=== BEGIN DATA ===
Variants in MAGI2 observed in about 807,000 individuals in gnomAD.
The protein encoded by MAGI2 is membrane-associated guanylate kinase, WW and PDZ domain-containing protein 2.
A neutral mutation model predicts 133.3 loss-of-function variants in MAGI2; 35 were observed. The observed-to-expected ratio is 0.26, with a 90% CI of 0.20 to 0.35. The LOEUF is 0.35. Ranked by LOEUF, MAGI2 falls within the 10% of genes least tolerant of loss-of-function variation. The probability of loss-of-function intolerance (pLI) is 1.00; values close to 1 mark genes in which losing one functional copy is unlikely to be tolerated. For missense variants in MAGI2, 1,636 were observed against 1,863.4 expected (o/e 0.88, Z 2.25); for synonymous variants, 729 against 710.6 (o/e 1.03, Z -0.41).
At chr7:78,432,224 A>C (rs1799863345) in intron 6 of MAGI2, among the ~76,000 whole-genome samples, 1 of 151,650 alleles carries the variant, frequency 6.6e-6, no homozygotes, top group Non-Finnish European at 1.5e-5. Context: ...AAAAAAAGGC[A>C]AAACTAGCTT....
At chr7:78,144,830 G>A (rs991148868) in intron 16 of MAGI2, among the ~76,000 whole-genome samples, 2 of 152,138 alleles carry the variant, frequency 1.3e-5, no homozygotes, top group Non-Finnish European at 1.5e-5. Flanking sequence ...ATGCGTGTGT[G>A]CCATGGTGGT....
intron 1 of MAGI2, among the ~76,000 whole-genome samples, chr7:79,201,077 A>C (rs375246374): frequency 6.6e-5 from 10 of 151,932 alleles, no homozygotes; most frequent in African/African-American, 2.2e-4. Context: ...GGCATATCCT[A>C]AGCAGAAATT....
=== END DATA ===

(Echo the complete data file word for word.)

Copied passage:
Variants in MAGI2 observed in about 807,000 individuals in gnomAD.
The protein encoded by MAGI2 is membrane-associated guanylate kinase, WW and PDZ domain-containing protein 2.
A neutral mutation model predicts 133.3 loss-of-function variants in MAGI2; 35 were observed. The observed-to-expected ratio is 0.26, with a 90% CI of 0.20 to 0.35. The LOEUF is 0.35. Ranked by LOEUF, MAGI2 falls within the 10% of genes least tolerant of loss-of-function variation. The probability of loss-of-function intolerance (pLI) is 1.00; values close to 1 mark genes in which losing one functional copy is unlikely to be tolerated. For missense variants in MAGI2, 1,636 were observed against 1,863.4 expected (o/e 0.88, Z 2.25); for synonymous variants, 729 against 710.6 (o/e 1.03, Z -0.41).
At chr7:78,432,224 A>C (rs1799863345) in intron 6 of MAGI2, among the ~76,000 whole-genome samples, 1 of 151,650 alleles carries the variant, frequency 6.6e-6, no homozygotes, top group Non-Finnish European at 1.5e-5. Context: ...AAAAAAAGGC[A>C]AAACTAGCTT....
At chr7:78,144,830 G>A (rs991148868) in intron 16 of MAGI2, among the ~76,000 whole-genome samples, 2 of 152,138 alleles carry the variant, frequency 1.3e-5, no homozygotes, top group Non-Finnish European at 1.5e-5. Flanking sequence ...ATGCGTGTGT[G>A]CCATGGTGGT....
intron 1 of MAGI2, among the ~76,000 whole-genome samples, chr7:79,201,077 A>C (rs375246374): frequency 6.6e-5 from 10 of 151,932 alleles, no homozygotes; most frequent in African/African-American, 2.2e-4. Context: ...GGCATATCCT[A>C]AGCAGAAATT....